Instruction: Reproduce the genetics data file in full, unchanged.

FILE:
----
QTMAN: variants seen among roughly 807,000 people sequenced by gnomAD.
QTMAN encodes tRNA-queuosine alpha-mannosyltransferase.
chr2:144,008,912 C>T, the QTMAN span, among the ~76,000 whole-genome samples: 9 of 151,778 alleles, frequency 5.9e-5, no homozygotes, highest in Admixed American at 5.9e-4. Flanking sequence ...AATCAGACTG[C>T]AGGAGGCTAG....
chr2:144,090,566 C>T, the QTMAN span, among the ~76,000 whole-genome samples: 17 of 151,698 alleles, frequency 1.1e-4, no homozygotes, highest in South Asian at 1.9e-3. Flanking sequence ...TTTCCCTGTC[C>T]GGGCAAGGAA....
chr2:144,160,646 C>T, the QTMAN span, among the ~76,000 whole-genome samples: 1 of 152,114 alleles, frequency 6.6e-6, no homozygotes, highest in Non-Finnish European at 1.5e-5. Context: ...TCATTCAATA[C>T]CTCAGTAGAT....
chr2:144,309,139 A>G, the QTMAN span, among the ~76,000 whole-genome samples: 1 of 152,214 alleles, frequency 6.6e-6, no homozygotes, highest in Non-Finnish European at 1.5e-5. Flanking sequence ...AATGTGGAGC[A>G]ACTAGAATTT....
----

QTMAN: variants seen among roughly 807,000 people sequenced by gnomAD.
QTMAN encodes tRNA-queuosine alpha-mannosyltransferase.
chr2:144,008,912 C>T, the QTMAN span, among the ~76,000 whole-genome samples: 9 of 151,778 alleles, frequency 5.9e-5, no homozygotes, highest in Admixed American at 5.9e-4. Flanking sequence ...AATCAGACTG[C>T]AGGAGGCTAG....
chr2:144,090,566 C>T, the QTMAN span, among the ~76,000 whole-genome samples: 17 of 151,698 alleles, frequency 1.1e-4, no homozygotes, highest in South Asian at 1.9e-3. Flanking sequence ...TTTCCCTGTC[C>T]GGGCAAGGAA....
chr2:144,160,646 C>T, the QTMAN span, among the ~76,000 whole-genome samples: 1 of 152,114 alleles, frequency 6.6e-6, no homozygotes, highest in Non-Finnish European at 1.5e-5. Context: ...TCATTCAATA[C>T]CTCAGTAGAT....
chr2:144,309,139 A>G, the QTMAN span, among the ~76,000 whole-genome samples: 1 of 152,214 alleles, frequency 6.6e-6, no homozygotes, highest in Non-Finnish European at 1.5e-5. Flanking sequence ...AATGTGGAGC[A>G]ACTAGAATTT....